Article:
Each day during U.S. Open week, Kyle Porter explores a golfers' father-son relationship and how it shaped who he is as a person and a golfer. Up today: Harris English in part two of a five part series.
Your dad played basketball at Georgia, what did you take away from him having been a college athlete?
He always taught me to be competitive. I was really competitive in all sports growing up. Basketball, football, baseball, soccer, golf -- I played everything. What he told me about golf was, “You gotta want it, you gotta want it more than anything.” He can’t want it for me. I have to put in the hours and put in the time and grind it out of the dirt.
He said he saw it for me at a young age and that’s why he always pushed me a little bit. He knew I wanted it and he wanted me to have every opportunity I could have to make it on the PGA Tour. He knew it from when I was young. It was awesome, I couldn’t have made it out here without him.
What’s the biggest thing you took away from him mentally?
He always brought a football or basketball mentality to golf. He grew up playing golf a little bit but not as much as he did other sports. It was kind of cool to see, he would tell me, “Just go out there and do it. Grind it out. Just do it. Put all your heart and soul into it.”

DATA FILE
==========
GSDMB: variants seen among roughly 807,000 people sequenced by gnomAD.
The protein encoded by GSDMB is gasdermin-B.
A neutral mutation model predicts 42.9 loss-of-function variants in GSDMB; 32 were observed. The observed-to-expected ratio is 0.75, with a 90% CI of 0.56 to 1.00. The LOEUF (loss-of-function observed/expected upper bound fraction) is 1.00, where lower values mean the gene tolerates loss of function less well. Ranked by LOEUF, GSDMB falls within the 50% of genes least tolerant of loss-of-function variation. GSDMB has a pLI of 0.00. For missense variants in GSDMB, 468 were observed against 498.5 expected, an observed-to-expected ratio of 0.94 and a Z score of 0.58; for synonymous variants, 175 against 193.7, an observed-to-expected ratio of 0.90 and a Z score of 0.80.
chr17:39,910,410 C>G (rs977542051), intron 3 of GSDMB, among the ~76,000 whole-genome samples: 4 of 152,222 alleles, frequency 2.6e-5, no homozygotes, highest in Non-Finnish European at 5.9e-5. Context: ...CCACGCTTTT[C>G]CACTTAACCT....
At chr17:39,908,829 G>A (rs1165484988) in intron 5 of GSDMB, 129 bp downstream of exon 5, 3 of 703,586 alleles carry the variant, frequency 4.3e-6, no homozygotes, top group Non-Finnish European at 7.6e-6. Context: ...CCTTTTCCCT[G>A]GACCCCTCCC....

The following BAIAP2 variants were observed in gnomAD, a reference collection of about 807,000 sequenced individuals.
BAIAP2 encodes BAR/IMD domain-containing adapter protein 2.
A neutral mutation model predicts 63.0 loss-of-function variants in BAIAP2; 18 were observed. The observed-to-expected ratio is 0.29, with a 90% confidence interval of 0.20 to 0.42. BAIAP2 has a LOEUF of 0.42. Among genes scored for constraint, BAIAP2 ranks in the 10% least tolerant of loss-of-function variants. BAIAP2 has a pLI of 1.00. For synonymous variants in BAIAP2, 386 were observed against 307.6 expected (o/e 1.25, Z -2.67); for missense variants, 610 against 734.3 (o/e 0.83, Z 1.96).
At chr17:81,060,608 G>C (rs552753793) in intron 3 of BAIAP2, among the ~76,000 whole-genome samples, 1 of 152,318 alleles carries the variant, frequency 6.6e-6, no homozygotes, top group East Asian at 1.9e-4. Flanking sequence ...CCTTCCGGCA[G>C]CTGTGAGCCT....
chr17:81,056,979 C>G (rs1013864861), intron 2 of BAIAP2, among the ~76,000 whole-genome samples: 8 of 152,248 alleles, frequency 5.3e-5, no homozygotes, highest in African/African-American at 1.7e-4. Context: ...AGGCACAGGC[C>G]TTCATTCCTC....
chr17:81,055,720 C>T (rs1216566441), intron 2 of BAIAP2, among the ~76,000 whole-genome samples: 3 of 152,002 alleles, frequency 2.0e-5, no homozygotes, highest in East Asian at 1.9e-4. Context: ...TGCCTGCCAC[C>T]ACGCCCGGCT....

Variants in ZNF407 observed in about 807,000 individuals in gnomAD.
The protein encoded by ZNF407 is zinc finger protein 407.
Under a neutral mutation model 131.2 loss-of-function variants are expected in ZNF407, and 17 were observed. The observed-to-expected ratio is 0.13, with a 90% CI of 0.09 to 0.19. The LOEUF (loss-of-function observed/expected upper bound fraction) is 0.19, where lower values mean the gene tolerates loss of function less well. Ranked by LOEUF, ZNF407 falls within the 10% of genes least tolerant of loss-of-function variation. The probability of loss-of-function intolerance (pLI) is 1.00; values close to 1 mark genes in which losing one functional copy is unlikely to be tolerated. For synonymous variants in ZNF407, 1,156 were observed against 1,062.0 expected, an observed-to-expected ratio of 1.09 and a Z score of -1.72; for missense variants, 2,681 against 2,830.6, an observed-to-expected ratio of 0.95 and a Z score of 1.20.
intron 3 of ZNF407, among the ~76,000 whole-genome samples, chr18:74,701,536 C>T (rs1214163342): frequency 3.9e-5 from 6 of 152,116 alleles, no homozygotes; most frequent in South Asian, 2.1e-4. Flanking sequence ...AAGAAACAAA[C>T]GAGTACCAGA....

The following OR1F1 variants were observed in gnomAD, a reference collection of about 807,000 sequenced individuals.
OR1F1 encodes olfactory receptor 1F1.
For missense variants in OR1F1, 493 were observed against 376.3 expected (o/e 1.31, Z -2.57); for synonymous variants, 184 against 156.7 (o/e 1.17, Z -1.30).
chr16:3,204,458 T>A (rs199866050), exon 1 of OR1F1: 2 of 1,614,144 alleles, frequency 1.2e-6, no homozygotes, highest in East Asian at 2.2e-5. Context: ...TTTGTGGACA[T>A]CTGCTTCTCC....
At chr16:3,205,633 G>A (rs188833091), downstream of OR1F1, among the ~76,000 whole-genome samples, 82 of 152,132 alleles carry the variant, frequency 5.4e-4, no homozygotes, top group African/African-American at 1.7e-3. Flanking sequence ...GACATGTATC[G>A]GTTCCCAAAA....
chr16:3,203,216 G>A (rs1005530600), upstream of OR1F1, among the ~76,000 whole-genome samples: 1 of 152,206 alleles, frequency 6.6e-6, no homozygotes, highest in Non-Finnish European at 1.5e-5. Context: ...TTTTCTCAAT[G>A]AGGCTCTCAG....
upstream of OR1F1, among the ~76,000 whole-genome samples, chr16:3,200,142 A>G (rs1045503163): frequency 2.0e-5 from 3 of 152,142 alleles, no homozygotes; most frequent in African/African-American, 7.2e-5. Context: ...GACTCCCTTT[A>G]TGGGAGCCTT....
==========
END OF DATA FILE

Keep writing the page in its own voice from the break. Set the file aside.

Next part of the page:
It was kind of cool having a guy like that putting that football mentality into me. Sometimes I play golf like that but I’m so laid back and just kind of a “go with the flow” guy that it was good to have somebody kind of opposite from me instilling some of those mind sets.
What’s your favorite memory growing up playing with him?
He would always get pretty upset on the golf course and I would always laugh at him. He would tend to throw some clubs -- it was kind of how he was. He was a competitor and we were always trying to beat each other.
What’s the best moment you’ve been able to share with him since you’ve been out here on the PGA Tour?
My biggest moment out here was playing in the Players Championship last year and I was in the second-to-last group with (Matt) Kuchar. My dad was out there on the range just loving it. He was like, “You’ve worked so hard for this and you deserve this.”
If you could win one tournament with him there, which one would it be?
[The one tournament I’d love to win] is probably the Masters. Growing up in Georgia I’ve probably been there five or six times so you kind of put that tournament up on a pedestal.
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